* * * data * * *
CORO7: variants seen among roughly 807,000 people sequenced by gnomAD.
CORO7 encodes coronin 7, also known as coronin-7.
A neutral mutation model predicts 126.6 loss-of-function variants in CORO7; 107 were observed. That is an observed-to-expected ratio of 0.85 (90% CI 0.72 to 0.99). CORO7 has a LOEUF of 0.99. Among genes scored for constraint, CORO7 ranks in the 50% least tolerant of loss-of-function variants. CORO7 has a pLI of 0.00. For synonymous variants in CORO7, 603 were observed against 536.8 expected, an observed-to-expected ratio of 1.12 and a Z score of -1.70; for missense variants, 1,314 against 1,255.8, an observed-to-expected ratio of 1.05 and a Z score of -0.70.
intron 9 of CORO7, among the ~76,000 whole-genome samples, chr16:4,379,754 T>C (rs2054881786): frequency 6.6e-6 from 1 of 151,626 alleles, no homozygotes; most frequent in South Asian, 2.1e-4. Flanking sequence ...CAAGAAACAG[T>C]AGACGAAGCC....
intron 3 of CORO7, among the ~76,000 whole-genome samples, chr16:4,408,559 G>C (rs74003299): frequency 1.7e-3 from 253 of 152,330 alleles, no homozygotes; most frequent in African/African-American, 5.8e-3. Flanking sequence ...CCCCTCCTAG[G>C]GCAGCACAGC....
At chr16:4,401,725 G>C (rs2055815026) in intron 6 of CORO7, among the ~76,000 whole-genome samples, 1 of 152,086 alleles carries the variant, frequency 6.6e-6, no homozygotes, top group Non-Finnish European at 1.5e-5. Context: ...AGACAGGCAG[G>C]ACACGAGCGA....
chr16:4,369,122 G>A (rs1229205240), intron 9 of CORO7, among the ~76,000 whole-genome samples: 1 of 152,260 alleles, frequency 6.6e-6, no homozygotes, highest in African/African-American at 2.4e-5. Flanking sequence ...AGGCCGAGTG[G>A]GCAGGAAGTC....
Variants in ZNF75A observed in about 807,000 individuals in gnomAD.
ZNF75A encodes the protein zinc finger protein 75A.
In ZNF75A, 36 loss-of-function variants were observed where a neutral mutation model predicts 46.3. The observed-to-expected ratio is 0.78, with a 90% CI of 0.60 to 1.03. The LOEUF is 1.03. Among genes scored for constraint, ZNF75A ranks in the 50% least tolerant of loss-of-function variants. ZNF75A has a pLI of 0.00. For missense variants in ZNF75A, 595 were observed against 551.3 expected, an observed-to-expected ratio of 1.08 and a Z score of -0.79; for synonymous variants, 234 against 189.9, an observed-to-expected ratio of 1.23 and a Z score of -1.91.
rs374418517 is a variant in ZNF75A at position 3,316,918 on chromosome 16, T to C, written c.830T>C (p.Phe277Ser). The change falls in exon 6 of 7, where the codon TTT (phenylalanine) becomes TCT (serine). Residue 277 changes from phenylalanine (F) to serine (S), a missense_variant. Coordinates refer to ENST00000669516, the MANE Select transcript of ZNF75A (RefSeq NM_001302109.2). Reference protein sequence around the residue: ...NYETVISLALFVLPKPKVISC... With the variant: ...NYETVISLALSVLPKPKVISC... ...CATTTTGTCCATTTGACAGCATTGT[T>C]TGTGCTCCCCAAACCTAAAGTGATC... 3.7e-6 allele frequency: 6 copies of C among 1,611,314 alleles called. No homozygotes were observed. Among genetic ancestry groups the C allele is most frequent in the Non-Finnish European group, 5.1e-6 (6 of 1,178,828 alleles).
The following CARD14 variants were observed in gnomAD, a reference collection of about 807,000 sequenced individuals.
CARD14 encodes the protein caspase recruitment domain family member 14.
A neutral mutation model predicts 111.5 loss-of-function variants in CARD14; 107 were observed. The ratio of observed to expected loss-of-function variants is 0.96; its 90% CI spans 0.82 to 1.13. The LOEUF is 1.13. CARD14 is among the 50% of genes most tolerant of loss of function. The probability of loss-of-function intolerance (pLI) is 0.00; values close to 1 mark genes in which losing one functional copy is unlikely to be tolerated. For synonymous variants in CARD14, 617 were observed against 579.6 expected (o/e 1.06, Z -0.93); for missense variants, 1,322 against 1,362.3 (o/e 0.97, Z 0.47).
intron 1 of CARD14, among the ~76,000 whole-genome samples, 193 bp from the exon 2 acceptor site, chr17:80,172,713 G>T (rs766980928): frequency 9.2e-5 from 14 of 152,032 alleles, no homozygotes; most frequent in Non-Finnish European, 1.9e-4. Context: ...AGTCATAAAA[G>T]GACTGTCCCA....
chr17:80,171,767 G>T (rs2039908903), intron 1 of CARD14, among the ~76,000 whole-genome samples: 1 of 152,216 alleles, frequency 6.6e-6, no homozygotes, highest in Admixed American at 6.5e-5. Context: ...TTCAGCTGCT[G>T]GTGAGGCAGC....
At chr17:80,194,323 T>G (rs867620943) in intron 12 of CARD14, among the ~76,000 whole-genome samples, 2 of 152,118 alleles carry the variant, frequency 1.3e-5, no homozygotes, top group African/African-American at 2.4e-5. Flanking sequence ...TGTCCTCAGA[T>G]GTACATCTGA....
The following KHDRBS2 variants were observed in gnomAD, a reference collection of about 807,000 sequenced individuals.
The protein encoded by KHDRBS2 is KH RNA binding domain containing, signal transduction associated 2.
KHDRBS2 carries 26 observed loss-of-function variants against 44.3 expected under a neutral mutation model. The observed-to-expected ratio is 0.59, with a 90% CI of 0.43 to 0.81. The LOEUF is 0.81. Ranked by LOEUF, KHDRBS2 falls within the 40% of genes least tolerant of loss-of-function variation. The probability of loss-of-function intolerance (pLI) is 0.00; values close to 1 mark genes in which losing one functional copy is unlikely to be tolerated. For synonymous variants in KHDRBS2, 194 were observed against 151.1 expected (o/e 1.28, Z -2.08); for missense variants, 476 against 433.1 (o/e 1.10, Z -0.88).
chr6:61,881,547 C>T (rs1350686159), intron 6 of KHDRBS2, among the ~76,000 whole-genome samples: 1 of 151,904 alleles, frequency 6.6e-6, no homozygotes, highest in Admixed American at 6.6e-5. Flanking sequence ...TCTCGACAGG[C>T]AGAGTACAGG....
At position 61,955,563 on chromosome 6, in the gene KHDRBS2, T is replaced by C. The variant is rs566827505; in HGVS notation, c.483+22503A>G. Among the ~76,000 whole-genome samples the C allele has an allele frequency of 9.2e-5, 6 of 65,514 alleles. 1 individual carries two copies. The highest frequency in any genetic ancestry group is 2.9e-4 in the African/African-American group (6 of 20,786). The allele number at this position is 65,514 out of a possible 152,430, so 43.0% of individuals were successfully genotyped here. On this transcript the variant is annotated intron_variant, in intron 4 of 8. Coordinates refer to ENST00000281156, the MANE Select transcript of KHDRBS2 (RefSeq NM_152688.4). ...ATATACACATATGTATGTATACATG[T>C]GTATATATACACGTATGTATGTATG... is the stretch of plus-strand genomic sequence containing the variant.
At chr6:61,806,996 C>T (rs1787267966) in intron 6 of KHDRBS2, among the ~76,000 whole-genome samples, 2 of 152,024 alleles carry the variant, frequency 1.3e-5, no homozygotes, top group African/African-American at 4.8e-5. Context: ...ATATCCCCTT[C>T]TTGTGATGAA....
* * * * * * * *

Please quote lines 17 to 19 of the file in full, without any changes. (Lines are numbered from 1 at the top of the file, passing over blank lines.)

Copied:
At chr17:80,194,323 T>G (rs867620943) in intron 12 of CARD14, among the ~76,000 whole-genome samples, 2 of 152,118 alleles carry the variant, frequency 1.3e-5, no homozygotes, top group African/African-American at 2.4e-5. Flanking sequence ...TGTCCTCAGA[T>G]GTACATCTGA....
The following KHDRBS2 variants were observed in gnomAD, a reference collection of about 807,000 sequenced individuals.
The protein encoded by KHDRBS2 is KH RNA binding domain containing, signal transduction associated 2.